AKA The Bed that Eats People. United States. 77 minutes. Directed by George Barry, 1977. Starring Demene Hall, William Russ, Julie Ritter, Rosa Luxemberg, Patrick Spence-Thomas, Dave Marsh, Linda Bond.
Every so often, a film comes along that’s so bad, it crosses over to the other side and becomes…well, if not exactly good, then at least compelling, in some sort of supremely fucked-up way. I don’t like to describe such movies as being “so bad they’re good,” because that takes emphasis away from the fact that they are, undeniably, bad. And yet they are entertaining in and of themselves, as opposed to the sorts of bad movies that make great MST3K fodder; or the sorts of bad movies that have no merit whatsoever, even as the butt of jokes. Troll 2, apart from all the hype, is such a movie; so is Death Bed: The Bed that Eats.
Death Bed: The Bed that Eats is about a demonic bed that eats people–well, actually, it engulfs them in orange foam and then pulls them down into itself, where it dissolves them in a substance we’re supposed to think is digestive acid but looks like ordinary water shot through a pane of orange glass. That’s really all you need to know about this film going into it. There’s a sort-of backstory (involving a demon who falls in love with a young woman, inadvertently leading to the Death Bed’s creation), a sort-of plot (involving another young woman who reminds the Death Bed of the girl it loves) and several sort-of subplots (the most important of which involves “the Artist,” an eccentrically-dressed young man, a victim of the bed somehow resurrected and trapped by it, who lives behind an Aubrey Beardsley drawing and constantly comments on the bed’s behavior). But none of these, in terms of trying to take the various elements of a cinematic production and assemble them into something that’s more than the sum of its parts, are worth much of a damn.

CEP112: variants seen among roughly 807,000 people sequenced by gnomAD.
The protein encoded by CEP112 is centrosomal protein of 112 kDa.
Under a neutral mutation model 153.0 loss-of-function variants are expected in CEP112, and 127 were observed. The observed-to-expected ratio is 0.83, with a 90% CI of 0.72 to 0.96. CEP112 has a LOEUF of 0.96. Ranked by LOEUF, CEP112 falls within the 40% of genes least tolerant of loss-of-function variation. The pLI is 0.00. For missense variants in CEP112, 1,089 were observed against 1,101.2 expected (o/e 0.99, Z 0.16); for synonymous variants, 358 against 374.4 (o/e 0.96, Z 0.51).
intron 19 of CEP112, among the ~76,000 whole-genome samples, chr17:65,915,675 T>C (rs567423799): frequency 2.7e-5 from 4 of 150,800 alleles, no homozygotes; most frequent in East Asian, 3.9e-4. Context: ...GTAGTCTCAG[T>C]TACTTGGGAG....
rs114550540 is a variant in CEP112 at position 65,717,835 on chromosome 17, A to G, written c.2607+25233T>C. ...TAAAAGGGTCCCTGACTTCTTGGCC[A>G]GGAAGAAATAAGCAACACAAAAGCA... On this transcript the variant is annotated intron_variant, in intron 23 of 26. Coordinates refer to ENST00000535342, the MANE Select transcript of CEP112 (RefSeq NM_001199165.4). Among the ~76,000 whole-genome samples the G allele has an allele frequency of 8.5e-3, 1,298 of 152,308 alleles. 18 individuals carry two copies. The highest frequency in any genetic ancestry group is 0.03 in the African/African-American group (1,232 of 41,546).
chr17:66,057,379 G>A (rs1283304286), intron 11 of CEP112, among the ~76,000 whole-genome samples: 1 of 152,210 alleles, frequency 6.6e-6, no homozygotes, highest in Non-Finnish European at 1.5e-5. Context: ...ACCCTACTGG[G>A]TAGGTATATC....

While there are a scant few things writer/director George Barry gets right (such as the surreal nightmare sequences, Stephen Thrower’s score, the occasional bit of cinematography and Patrick Spence-Thomas’s performance as the voice of the Artist), there’s no denying that he gets the vast majority of the film wrong. This script is poor, the acting even worse (except for Spence-Thomas), and don’t even get me started on the effects.
But get real: who needs effective pacing, credible characterization or believable effects when your villain is a demonic bed that makes munching noises when it dissolves its victims and snores when it sleeps? (A bed with sleep apnea?) Or what about those exterior shots of the bed, sequences whose cinematography reminded me of early New Wave music videos? Let’s not forget the fried chicken, the plastic skeleton hands, the orgy sequence or the bed undressing its victims and making itself back up after it’s done killing?
This film’s quality, in objective terms, doesn’t matter. What does matter is its batshit insanity, a quality it keeps up consistently without going too far over the top. I can guarantee you that never in your life have you ever seen a movie quite like Death Bed: The Bed that Eats, and you will probably never will as long as you live. Yes, it’s bad, but it’s never boring.